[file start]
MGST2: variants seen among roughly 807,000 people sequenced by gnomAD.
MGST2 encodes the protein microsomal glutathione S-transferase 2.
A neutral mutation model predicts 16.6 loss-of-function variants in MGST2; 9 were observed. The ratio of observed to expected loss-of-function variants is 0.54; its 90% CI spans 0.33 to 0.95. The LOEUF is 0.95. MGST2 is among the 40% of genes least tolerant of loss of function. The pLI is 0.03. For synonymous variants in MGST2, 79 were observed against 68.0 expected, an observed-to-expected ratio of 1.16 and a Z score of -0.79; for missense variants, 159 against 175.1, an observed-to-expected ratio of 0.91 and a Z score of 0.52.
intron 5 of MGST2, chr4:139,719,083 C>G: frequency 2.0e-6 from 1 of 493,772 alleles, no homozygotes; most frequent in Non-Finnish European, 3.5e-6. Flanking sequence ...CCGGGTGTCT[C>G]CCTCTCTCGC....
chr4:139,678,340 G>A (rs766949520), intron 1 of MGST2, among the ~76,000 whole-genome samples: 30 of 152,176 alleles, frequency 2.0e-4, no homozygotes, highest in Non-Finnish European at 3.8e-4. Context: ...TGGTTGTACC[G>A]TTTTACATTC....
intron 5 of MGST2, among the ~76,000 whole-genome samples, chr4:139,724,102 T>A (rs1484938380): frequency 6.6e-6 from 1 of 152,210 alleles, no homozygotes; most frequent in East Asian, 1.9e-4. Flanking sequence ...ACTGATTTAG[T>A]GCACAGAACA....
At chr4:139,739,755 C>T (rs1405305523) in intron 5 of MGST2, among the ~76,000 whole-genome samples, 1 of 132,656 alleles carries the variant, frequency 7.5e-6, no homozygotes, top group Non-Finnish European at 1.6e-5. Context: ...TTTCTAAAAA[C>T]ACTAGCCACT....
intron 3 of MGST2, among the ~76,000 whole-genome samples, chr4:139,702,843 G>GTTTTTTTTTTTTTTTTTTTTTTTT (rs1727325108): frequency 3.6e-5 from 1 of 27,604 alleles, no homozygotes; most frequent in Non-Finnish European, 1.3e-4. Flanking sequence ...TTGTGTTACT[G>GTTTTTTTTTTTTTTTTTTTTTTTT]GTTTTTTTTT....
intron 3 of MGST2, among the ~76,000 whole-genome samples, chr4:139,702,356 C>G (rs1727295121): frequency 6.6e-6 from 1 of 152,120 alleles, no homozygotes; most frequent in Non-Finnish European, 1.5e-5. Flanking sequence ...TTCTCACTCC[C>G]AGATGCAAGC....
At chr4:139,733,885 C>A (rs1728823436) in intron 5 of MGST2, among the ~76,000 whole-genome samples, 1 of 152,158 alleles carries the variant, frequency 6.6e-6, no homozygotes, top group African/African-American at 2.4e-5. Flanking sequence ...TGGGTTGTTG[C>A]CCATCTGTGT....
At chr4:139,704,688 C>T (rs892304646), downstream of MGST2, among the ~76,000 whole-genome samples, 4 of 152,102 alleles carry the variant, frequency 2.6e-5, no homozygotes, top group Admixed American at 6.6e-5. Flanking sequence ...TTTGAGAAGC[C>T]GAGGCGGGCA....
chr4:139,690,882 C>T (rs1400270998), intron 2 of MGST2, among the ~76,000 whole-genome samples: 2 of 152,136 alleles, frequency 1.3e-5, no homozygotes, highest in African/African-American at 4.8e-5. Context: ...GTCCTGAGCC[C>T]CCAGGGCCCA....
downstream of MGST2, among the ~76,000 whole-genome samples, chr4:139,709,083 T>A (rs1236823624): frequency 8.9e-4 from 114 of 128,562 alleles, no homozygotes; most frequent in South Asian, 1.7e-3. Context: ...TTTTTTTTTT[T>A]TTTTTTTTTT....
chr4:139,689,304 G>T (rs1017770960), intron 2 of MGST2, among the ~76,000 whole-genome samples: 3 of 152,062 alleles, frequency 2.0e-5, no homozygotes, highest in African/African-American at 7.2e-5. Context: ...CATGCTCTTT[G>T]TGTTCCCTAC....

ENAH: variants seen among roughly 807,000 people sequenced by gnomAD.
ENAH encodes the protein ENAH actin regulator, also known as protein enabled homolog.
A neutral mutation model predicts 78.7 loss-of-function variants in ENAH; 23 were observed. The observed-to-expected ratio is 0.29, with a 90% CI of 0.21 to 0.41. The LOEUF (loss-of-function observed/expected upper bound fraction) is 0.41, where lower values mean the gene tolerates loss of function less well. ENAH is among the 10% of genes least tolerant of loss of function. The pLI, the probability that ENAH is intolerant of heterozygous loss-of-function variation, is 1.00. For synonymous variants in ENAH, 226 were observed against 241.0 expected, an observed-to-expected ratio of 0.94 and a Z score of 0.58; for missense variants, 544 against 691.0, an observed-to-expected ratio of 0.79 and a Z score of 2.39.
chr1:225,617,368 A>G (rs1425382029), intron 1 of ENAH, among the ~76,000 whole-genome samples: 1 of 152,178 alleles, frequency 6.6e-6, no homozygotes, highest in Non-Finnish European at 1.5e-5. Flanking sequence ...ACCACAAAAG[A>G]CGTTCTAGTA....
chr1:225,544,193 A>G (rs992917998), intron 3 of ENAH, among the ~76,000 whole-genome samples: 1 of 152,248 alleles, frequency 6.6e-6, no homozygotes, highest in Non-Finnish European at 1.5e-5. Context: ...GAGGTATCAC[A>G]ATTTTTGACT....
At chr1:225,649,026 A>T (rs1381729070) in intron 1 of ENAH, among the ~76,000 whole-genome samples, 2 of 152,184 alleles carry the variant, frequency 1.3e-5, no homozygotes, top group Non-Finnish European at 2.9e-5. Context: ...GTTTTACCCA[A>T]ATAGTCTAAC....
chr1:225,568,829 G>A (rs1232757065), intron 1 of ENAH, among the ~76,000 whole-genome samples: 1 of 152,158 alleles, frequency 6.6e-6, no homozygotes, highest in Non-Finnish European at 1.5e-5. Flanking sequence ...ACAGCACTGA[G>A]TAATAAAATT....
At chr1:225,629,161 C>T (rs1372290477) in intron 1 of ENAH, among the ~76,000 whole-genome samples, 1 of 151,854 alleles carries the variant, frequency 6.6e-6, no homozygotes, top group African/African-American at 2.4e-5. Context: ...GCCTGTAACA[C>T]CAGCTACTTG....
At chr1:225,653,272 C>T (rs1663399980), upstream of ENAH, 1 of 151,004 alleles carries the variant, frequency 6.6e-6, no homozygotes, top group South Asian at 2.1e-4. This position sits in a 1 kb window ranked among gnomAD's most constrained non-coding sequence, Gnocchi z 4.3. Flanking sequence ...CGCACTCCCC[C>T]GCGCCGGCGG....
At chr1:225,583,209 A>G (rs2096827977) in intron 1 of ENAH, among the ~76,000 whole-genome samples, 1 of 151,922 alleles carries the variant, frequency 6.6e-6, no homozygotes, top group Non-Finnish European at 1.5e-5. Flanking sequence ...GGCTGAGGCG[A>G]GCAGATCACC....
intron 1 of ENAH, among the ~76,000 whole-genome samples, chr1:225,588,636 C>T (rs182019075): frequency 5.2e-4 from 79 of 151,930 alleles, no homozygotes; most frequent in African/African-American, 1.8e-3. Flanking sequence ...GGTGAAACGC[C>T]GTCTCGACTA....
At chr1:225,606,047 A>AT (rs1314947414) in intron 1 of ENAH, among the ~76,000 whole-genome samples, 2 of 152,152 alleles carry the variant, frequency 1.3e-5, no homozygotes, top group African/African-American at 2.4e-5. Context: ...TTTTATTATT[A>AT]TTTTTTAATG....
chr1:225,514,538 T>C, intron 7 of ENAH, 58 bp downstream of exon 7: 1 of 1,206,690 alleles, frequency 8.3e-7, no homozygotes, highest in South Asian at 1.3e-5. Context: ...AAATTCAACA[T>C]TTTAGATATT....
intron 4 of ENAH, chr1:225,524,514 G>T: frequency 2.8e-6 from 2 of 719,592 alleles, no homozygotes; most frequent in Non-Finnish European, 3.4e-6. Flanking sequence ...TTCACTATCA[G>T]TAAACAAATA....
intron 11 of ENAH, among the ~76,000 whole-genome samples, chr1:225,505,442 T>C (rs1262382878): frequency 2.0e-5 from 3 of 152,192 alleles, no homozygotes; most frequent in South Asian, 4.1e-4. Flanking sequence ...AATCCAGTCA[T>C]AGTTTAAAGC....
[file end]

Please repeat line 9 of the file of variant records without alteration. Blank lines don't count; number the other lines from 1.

intron 3 of MGST2, among the ~76,000 whole-genome samples, chr4:139,702,356 C>G (rs1727295121): frequency 6.6e-6 from 1 of 152,120 alleles, no homozygotes; most frequent in Non-Finnish European, 1.5e-5. Flanking sequence ...TTCTCACTCC[C>G]AGATGCAAGC....